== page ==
As we have shown elsewhere, Russia’s diplomats put much effort into bringing Syrian conflicting parties together and convincing the Gulf states to end or limit support for certain rebel factions, especially the Islamic State. Russia may be the sole power on good terms not just with Damascus and its allies, but with most powers in the region, including the Kurds, Turkey, Hezbollah and Israel.
Nevertheless, these efforts crumbled in late summer 2015. With the Syrian regime on the brink of collapse and no diplomatic solution in sight, Russia dispatched its air force and later ground troops. This military effort reversed much of the Syrian government’s territorial losses.
This has been post-Soviet Russia’s first military intervention outside the former Soviet Union — and it is about more than saving a client regime. Putin’s goal is to restore Russia as a global player and as a force to be reckoned with in any conflict-resolution scenario in the Middle East. That goal matters more than tactical successes such as securing long-term contracts to use Syria’s Hmeimim Air Base.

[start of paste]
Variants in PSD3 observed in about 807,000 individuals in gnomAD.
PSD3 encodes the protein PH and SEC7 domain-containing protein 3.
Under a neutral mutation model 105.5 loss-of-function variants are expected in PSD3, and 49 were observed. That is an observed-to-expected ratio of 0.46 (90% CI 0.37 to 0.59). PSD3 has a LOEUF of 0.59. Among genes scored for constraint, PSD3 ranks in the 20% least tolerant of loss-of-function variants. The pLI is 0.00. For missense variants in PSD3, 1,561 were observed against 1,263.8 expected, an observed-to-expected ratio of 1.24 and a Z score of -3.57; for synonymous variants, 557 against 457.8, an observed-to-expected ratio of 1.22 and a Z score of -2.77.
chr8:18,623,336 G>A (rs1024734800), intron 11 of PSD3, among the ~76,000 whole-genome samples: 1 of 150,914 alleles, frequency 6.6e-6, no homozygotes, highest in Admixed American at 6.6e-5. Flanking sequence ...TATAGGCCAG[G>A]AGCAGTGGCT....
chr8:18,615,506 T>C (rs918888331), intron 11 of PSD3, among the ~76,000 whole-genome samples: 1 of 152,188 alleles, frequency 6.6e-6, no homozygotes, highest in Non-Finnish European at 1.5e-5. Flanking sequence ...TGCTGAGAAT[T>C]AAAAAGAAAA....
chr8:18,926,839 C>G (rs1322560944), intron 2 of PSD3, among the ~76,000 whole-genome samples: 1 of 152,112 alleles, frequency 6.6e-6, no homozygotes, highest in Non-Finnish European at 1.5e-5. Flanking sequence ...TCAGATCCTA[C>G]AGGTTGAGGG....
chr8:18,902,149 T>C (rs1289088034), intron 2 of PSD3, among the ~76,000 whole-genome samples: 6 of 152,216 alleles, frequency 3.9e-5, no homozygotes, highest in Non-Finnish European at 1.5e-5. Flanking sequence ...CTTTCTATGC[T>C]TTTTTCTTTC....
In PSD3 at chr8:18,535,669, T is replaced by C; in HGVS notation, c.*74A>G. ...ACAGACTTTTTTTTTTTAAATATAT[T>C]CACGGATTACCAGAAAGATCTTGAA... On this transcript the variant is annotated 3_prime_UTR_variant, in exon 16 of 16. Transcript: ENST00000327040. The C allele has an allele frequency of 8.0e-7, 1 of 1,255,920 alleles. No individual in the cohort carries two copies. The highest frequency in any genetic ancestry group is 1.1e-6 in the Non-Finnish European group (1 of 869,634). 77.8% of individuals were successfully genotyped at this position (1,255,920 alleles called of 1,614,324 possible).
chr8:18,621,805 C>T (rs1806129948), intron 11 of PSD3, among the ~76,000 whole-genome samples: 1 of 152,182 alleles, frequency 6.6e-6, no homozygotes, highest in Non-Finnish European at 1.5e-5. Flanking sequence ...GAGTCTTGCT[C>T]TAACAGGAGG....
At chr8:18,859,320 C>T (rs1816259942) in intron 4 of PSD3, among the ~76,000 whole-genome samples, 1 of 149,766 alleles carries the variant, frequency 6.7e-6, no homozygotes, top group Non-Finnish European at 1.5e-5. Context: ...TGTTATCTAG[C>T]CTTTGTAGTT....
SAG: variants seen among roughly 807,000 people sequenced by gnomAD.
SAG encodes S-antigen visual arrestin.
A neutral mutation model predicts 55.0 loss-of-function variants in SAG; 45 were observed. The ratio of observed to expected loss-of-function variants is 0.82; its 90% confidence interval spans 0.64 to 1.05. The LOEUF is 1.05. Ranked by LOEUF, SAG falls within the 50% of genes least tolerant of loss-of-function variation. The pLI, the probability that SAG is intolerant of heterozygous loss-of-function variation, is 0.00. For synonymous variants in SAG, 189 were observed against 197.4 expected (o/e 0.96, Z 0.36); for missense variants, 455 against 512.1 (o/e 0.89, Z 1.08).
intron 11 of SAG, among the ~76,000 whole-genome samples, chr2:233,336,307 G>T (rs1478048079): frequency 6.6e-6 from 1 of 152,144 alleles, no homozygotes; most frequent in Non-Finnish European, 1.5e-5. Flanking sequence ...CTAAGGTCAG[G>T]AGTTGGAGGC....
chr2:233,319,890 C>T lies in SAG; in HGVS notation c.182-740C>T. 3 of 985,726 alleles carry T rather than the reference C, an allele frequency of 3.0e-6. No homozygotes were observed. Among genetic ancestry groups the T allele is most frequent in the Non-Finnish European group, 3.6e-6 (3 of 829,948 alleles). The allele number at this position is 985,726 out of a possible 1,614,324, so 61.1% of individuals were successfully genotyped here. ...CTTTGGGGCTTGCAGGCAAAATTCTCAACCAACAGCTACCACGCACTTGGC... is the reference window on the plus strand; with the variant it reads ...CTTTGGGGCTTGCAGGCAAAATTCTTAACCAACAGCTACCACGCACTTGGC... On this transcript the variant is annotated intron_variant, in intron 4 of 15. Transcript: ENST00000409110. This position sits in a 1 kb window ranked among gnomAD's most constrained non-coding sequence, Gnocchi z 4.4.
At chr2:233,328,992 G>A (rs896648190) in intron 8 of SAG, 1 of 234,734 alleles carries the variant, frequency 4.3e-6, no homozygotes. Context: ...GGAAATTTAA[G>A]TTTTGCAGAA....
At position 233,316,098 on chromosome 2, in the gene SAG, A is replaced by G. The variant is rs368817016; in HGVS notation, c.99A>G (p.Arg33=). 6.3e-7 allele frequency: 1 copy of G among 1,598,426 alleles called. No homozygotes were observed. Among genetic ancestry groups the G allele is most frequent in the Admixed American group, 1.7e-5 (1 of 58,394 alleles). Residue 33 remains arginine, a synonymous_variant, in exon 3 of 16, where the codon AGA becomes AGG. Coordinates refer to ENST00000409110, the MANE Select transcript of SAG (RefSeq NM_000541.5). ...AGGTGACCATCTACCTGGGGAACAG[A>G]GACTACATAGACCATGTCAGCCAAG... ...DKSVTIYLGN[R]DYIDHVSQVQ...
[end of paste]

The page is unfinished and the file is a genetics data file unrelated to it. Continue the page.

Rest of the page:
As a result, Russian involvement in the Syrian conflict could be one of Putin’s major international achievements — but only if the intervention does not turn out to be too costly in economic and diplomatic terms, and if the Syrian regime is stabilized enough to carry on for the foreseeable future. While the Assad regime is consolidating its gains, the situation remains highly volatile, as the recent use of chemical agents on Syrian soil shows. And it’s not Moscow but Tehran calling the shots in Damascus.
It’s hard to see how Putin will untangle these knotty conflicts, all of which could undermine his domestic reputation.
Philipp Casula (@PhilippCasula) is a postdoctoral researcher at the history department of the University of Zurich and a fellow of the Swiss National Science Foundation and researches the dynamics of Russian relations with the Middle East.
Camille-Renaud Merlen (@crmerlen) is a PhD candidate and assistant lecturer in international relations at the University of Kent. He researches Russian conceptions of sovereignty and Moscow’s engagement with supranational courts.